Normally I try to begin the term with an up-beat newsletter – in fact I try to make as many newsletters up-beat as possible, simply because there is enough depressing news out there already. However, this term I feel I need to begin by addressing two issues which come out of my ongoing worries about the physical and emotional health of our young people.
The two issues I want to address are sleep and, (next newsletter) the very specific issue of gym-diets and our teenage boys. These are not random issues – they concern me because they are real problems for children – problems which have directly affected the well-being of several of our students, and which can be solved.
Better health Victoria has this to say about teenage sleep:
"Sleep research suggests that a teenager needs between nine and 10 hours of sleep every night. This is more than the amount a child or an adult needs. Yet most adolescents only get about seven or eight hours. Some get less.
Regularly not getting enough sleep leads to chronic sleep deprivation. This can have dramatic effects on a teenager’s life, including reduced academic performance at school."
They go on to list a number of factors that make it difficult for our kids to sleep. Some are hormonal, because teenagers' body clocks run later than children's and adults (and interestingly, Seattle School district is looking into later starts as we speak ).
However, most of the causes of a lack of sleep are not hormonal, nor interestingly, are they a result of homework (an area recently discussed, with some misinformation, on a parents’ Facebook site). Homework can be a problem if the child is working right up until bedtime, but that should not be a frequent issue at Emmanuel where we seek to restrict homework to a maximum of 50 minutes in, say year 6, or 2 ½ hours in year 10. 
Rather, lack of sleep is most often the direct result of overstimulation later in the evening and without a doubt, the biggest over-stimulants are screens, be they computer screens, phone screens, or TV screens. Not that screens are necessarily bad, but stimulating the brain just before sleep is never going to help a teenager overcome the hormonal urge to stay awake! The temptation to watch, play on, work on, or chat over a screen after lights out is huge – even for the best-intentioned, best-behaved children.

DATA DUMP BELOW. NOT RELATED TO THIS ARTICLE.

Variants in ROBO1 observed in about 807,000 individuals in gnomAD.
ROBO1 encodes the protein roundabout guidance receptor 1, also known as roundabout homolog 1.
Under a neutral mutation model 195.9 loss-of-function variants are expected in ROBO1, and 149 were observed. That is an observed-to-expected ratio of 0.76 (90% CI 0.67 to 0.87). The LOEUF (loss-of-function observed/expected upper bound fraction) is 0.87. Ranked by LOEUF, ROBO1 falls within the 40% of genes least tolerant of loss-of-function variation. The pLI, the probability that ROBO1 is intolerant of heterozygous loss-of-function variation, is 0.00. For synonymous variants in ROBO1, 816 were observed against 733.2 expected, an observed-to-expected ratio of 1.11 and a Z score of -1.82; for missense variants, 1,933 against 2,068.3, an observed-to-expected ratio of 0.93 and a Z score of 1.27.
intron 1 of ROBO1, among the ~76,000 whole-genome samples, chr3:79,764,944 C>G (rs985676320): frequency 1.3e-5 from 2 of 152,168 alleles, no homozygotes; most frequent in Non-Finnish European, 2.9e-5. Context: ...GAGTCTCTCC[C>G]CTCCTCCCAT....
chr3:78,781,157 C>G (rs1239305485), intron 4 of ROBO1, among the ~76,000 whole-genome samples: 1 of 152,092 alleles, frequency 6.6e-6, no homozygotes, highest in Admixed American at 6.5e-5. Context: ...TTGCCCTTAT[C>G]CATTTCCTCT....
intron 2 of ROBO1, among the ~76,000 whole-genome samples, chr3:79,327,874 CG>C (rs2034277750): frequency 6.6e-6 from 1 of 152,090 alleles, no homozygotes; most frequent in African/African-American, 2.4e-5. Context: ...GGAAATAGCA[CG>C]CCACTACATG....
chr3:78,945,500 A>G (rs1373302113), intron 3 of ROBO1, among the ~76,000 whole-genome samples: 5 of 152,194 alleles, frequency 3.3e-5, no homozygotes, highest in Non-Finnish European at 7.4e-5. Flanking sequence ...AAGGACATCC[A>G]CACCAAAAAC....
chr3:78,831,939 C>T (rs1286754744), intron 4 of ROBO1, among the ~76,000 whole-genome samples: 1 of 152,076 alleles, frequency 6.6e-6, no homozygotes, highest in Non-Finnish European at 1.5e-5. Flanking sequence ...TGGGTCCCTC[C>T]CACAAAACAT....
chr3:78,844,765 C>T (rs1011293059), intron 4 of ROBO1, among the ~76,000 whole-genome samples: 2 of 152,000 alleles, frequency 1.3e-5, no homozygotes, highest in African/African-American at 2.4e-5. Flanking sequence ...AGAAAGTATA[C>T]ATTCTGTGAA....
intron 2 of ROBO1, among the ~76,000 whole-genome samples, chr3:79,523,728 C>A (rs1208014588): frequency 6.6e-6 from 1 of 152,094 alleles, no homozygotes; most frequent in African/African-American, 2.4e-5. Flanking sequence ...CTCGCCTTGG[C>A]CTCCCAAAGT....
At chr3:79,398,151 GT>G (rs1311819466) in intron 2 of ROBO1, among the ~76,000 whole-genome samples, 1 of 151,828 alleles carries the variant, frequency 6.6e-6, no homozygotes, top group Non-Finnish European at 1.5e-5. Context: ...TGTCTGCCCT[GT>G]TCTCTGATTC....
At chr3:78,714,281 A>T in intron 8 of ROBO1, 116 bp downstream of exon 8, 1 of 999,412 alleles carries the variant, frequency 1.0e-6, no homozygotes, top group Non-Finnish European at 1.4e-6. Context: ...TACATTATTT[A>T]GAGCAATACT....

So, what can be done? Well, firstly, what will help (and the students won't thank me for this) is a very old-fashioned recipe of wash, warm drink, teeth and read. As Better Health Victoria recommends:
- Choose a relaxing bedtime routine: for example, have a bath and a hot milky drink before bed.
- Avoid loud music, homework, computer games or any other activity that gets your mind racing for about an hour before bedtime.
- Keep your room dark at night. The brain’s sleep-wake cycle is largely set by light received through the eyes. Try to avoid watching television right before bed. In the morning, expose your eyes to lots of light to help wake up your brain.
- Do the same bedtime routine every night for at least four weeks to make your brain associate this routine with going to sleep.
Secondly, controlling screens will help. However, this creates a problem: how do you control screen use if you, as parents, are asleep? The answer sounds both bossy and draconian, but it is simply to remove the screens before the bedtime routine begins.
Of course, taking screens away will not go down well – I recall that I was furious when my parents took my radio away to stop me listening to the late night radio shows (which were the only places that a 14 year-old could hear new—as in punk music—in the early 80s). However, it is not impossible – in fact, I would happily encourage you to blame me and say “I have to do this because the horrible Mr Innes-Hill says I have to!”
I’m happy because the effects of lacking sleep are serious. We are seeing these effects on students on a regular basis: effects like falling grades, struggles with attention, with engagement, with moods and relationships, even effects that look similar to depression. In a sense, to me, not acting is as negligent as deliberately preventing children from sleeping.
So I ask parents again to join with us in trying to help our young people become all they can, and should be.
 NOTE: As our Parent Handbook says, if students are going over the maximum homework time on a regular basis, it is essential that parents contact the class teacher or the Director of Studies/Director of Teaching and Learning.